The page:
In the event, barely a third of this number was provided and the development assistance was hopelessly insufficient. There may have been an illusion of progress in Kabul and a few other urban centres such as Herat; but central government remained absent across much of Afghanistan, and a combination of warlords, militias and criminal gangs (often linked to opium supply and distribution) took control.

Third, there has been a broad increase in anti-Americanism in some sectors of Afghan society, especially where US combat forces have used large-scale firepower to subdue militias. This has been the case across much of southwest and central Asia, but especially in Pakistan in districts bordering Afghanistan, where American use of armed drones against targets in towns and villages has added to the antagonism.

In substantial parts of the border regions, a quasi-Taliban writ now holds sway. Pervez Musharraf's forces are not easily able to concentrate regular Pakistani army forces on the militias, partly because of question-marks over army loyalty but also because of the appearance of being too pro-American in the process. The value of this situation to the Taliban is considerable, as it gives them secure areas for recruitment, training, storage and, if need be, temporary retreat from Afghan territory into Pakistan.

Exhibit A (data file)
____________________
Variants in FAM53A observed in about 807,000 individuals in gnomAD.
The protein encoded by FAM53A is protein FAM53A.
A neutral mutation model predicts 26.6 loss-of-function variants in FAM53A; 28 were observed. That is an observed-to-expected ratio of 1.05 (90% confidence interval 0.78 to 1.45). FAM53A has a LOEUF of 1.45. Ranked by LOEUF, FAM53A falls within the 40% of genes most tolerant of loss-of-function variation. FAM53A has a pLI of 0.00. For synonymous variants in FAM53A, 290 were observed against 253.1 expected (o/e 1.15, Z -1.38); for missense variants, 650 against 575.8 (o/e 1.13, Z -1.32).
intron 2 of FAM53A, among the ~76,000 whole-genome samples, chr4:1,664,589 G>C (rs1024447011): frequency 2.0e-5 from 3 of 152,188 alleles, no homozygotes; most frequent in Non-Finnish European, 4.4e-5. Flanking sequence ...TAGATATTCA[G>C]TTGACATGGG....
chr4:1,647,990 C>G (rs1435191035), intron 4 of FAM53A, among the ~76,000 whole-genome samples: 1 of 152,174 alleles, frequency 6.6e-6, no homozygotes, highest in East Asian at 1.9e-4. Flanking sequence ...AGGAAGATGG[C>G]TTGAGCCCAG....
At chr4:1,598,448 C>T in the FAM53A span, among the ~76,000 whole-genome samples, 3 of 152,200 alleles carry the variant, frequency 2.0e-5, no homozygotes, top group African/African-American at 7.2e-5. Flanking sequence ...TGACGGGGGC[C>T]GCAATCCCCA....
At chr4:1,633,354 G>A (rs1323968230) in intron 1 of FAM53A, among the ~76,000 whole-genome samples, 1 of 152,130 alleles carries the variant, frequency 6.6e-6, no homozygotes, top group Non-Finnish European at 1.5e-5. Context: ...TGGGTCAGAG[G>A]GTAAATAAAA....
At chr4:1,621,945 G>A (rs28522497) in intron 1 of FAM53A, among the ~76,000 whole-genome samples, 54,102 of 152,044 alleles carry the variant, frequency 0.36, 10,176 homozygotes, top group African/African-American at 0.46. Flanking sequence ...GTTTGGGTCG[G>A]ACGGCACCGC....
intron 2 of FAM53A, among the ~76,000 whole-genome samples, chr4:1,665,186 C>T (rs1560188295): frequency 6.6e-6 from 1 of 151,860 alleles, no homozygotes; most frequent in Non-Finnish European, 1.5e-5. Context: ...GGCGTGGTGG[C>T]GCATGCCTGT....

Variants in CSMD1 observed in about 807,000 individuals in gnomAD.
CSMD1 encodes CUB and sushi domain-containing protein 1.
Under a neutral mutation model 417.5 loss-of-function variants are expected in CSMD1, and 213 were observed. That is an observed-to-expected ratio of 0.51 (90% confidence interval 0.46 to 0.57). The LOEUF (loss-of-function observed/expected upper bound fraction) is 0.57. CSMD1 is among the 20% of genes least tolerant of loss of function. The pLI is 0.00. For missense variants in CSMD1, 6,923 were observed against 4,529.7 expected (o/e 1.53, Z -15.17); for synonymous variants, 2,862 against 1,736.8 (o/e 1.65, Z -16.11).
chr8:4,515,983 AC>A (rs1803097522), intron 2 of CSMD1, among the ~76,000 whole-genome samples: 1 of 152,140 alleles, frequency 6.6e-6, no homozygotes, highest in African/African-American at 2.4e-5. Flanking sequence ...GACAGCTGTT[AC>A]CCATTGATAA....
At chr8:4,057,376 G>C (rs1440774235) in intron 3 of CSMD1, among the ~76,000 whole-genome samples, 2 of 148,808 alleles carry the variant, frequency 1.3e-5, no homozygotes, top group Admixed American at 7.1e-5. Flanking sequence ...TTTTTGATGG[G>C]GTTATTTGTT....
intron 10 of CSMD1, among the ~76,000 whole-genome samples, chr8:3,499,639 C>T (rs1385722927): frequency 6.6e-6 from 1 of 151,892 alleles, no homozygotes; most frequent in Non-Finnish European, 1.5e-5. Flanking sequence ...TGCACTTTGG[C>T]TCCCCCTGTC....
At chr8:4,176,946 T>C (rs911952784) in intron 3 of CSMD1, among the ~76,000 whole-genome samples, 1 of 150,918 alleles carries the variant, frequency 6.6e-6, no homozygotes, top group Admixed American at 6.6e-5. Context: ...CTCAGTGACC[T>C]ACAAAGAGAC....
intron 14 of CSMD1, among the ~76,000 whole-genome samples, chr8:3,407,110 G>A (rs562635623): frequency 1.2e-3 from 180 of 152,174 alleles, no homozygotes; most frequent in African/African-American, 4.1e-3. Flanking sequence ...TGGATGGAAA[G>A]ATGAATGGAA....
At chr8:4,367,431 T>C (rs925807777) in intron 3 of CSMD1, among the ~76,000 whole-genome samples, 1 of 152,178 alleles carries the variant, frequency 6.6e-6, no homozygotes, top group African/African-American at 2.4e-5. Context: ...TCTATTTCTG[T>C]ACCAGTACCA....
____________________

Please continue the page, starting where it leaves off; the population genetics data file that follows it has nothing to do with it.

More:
Fourth, the revival of the opium trade in Afghanistan has provided substantial additional sources of revenue, not least as there has been a move in the last couple of years towards processing the raw opium into heroin and morphine (see "The new opium war", 4 May 2006). A recent analysis suggests that ten years ago about 75% of Afghanistan's opium production was exported as raw opium and 25% was processed within the country into high value-added heroin and morphine. Now, the proportions are reversed, with 75% going out in refined form. The value added is considerable, and there is also a lucrative smuggling trade into Afghanistan of the precursor chemicals used in the refining (see Joanna Wright, "Afghanistan's opiate economy and terrorist financing", Jane's Intelligence Review, March 2006 [subscription only]).

In addition to his weekly openDemocracy column, Paul Rogers writes an international security monthly briefing for the Oxford Research Group; for details, click here

A collection of Paul Rogers's Oxford Research Group briefings, Iraq and the War on Terror: Twelve Months of Insurgency, 2004-05 is published by IB Tauris
(October 2005)

The short-term factors

In addition to these longer-term elements, there are three immediate issues that help make the renewed Taliban insurgency more effective.